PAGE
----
Writing for the BBC news pages recently, television producer Michael Mosely recently said: “Although most coliform bacteria are not particularly dangerous, they are commonly used as a marker for more general faecal contamination.
“They don’t normally get into your kitchen through contact with human faeces, but via raw meat, which is often contaminated with faecal bacteria.”
He added: “If you are worried about nasty bugs in your kitchen, the best thing you can do is keep your dishcloth or sponge as dry as possible and dunk it in bleach once a week.”
But surely, the best thing you can do is not bring food contaminated with faecal matter into your kitchen?
How does faecal matter even end up on food?
Mechanical evisceration (removal of organs) can result in the rupturing of the digestive tracts and the spilling of faecal matter onto the skin of animals (obviously a concern with poultry, as people eat the skin).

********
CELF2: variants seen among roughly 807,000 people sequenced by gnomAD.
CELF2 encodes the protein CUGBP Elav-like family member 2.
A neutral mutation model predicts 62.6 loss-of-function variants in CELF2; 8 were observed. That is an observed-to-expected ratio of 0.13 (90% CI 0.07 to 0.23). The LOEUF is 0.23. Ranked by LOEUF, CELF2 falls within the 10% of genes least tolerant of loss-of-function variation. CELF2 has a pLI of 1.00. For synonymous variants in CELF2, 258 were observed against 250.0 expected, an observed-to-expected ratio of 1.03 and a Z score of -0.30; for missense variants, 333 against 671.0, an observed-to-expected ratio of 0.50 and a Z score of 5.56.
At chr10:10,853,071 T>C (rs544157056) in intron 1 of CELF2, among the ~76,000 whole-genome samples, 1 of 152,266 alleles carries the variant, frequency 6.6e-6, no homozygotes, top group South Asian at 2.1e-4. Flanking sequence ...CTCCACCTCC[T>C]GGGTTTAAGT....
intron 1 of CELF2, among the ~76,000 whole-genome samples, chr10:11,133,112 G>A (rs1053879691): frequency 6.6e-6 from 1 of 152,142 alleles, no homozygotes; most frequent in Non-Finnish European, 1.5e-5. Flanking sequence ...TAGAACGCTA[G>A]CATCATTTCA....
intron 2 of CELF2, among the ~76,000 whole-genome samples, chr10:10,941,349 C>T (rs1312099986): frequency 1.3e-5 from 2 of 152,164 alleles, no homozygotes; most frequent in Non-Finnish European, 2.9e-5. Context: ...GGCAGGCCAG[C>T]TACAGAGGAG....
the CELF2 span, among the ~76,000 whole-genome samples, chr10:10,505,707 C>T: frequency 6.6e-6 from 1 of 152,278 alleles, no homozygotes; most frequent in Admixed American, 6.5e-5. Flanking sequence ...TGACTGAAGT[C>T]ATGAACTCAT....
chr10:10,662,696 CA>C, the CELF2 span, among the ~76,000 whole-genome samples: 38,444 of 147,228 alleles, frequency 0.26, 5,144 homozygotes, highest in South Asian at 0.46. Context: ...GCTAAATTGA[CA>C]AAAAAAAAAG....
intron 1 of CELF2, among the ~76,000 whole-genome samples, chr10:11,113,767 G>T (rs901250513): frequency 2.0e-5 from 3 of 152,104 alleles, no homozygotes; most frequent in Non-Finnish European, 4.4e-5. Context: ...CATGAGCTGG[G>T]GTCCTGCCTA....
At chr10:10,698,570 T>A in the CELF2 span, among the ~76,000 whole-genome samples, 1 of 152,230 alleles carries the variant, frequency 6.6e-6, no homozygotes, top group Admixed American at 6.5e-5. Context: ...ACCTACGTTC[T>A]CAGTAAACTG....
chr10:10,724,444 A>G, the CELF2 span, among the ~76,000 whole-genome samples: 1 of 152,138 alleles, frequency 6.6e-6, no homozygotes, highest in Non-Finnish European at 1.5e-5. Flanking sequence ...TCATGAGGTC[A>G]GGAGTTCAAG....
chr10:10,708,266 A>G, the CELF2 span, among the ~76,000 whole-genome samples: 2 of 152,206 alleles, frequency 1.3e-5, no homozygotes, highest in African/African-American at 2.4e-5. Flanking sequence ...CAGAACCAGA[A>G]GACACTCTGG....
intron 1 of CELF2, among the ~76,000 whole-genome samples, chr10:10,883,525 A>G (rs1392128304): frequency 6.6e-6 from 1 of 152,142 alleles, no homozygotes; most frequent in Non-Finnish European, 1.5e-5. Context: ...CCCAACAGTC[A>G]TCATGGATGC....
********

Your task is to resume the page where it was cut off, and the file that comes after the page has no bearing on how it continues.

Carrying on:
Companies selling this type of equipment boast that their machines can ‘process’ up to 13,500 chickens per hour.
Researchers at the University of Minnesota looked for an antibiotic-resistant strain of E. coli in over 1,500 different food samples.
They found contamination in almost 70 percent of pork and beef and over 90 percent of poultry samples.
They said that the high prevalence of antibiotic-resistant E. coli found in meat is consistent with contamination of animal carcasses with the animal’s own faecal flora (gut bacteria) during slaughter and processing and with use of antibiotics in food-animal production.
This is probably why 73 percent of 1,032 samples of chicken taken from large retail outlets, small independent stores and butchers in the UK, between February 2014 and February 2015, tested positive for Campylobacter, the most common cause of food poisoning in the UK.
So, it turns out that vegans may be practising ‘clean eating’ after all, but in a healthy way.
This article wasoriginally published by Viva! here